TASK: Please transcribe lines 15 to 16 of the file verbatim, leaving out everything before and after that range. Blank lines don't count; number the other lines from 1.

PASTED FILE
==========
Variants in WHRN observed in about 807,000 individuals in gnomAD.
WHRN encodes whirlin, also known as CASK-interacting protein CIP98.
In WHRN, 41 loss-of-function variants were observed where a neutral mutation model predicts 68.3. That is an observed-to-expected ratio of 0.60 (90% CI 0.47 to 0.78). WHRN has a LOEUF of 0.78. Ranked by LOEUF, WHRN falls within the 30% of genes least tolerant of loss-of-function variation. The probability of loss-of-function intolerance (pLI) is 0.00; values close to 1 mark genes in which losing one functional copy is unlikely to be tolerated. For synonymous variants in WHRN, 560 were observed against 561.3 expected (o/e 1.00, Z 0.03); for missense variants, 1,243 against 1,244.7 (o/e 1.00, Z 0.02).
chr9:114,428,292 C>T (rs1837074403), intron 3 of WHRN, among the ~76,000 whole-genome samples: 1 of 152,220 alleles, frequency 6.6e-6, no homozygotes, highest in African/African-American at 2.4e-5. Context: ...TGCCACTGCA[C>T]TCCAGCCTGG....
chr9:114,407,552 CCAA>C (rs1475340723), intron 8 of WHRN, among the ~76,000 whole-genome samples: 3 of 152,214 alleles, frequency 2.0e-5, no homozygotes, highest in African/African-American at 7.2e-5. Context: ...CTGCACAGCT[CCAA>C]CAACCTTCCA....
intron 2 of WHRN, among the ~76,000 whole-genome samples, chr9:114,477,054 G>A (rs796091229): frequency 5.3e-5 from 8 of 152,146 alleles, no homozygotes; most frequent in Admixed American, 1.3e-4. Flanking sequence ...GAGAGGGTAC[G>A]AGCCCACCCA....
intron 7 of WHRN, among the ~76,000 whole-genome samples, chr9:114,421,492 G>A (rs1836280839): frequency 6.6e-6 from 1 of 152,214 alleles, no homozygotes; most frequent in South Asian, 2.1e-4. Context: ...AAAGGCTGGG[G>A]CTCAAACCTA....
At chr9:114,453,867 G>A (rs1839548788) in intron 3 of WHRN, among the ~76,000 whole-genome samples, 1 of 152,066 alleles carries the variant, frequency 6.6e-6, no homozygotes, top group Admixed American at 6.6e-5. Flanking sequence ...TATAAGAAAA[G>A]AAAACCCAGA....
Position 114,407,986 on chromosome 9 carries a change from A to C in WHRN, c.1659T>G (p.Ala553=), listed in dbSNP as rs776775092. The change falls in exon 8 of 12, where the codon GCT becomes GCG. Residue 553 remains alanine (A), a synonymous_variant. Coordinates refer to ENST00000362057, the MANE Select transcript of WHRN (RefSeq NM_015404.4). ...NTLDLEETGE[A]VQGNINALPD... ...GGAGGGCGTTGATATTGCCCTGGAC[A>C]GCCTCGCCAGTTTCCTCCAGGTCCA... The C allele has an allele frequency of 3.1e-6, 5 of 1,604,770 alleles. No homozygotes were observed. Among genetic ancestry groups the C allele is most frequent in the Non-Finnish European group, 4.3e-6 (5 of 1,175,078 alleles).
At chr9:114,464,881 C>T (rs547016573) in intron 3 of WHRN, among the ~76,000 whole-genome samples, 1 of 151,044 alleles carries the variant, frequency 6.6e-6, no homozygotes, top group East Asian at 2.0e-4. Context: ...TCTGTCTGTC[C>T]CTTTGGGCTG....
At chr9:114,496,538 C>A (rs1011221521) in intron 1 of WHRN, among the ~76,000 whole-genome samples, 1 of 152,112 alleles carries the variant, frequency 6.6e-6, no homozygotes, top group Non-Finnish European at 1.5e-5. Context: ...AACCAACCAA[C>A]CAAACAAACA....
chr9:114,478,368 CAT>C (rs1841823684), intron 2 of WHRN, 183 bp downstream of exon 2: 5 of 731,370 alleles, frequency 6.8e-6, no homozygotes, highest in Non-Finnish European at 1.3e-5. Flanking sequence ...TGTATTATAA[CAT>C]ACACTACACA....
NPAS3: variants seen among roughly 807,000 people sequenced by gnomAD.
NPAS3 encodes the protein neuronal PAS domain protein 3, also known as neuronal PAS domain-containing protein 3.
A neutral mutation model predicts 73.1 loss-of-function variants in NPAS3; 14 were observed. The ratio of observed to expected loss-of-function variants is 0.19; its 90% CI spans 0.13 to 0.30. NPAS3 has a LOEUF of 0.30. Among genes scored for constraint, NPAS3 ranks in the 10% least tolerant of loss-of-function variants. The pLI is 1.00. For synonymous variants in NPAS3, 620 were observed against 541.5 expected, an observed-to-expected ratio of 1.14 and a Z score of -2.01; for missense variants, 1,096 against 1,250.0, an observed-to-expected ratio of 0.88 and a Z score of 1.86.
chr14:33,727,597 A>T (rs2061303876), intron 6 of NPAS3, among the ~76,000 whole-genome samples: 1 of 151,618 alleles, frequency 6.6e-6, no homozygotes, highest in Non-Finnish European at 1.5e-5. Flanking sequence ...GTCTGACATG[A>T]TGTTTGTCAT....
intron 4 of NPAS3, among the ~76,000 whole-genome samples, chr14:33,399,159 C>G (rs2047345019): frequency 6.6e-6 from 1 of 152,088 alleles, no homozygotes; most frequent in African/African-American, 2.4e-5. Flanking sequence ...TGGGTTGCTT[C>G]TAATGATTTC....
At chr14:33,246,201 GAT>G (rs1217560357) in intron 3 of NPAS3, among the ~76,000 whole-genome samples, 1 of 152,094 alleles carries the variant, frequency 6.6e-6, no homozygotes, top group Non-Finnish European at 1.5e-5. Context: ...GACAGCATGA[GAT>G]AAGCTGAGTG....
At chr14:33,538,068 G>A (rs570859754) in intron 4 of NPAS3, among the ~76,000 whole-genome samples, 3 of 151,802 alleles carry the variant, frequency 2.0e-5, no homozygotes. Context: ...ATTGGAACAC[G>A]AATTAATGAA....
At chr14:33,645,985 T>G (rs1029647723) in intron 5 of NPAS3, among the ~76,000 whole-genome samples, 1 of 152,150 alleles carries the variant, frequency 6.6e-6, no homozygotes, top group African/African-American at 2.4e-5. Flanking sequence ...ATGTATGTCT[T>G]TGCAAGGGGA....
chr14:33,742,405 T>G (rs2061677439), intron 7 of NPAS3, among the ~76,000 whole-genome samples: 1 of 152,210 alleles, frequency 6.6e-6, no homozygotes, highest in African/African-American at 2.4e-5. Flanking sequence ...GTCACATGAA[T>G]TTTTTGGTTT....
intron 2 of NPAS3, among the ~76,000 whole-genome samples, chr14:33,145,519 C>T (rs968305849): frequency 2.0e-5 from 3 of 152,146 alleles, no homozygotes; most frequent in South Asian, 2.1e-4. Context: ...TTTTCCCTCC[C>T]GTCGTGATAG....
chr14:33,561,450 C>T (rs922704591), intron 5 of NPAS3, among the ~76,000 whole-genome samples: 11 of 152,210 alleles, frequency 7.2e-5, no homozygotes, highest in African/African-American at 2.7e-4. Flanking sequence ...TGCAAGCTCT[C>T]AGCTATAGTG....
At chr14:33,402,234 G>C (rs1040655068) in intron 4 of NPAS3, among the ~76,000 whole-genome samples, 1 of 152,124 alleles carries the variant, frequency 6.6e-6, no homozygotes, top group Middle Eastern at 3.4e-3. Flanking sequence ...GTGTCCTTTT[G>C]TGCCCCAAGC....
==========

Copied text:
A neutral mutation model predicts 73.1 loss-of-function variants in NPAS3; 14 were observed. The ratio of observed to expected loss-of-function variants is 0.19; its 90% CI spans 0.13 to 0.30. NPAS3 has a LOEUF of 0.30. Among genes scored for constraint, NPAS3 ranks in the 10% least tolerant of loss-of-function variants. The pLI is 1.00. For synonymous variants in NPAS3, 620 were observed against 541.5 expected, an observed-to-expected ratio of 1.14 and a Z score of -2.01; for missense variants, 1,096 against 1,250.0, an observed-to-expected ratio of 0.88 and a Z score of 1.86.
chr14:33,727,597 A>T (rs2061303876), intron 6 of NPAS3, among the ~76,000 whole-genome samples: 1 of 151,618 alleles, frequency 6.6e-6, no homozygotes, highest in Non-Finnish European at 1.5e-5. Flanking sequence ...GTCTGACATG[A>T]TGTTTGTCAT....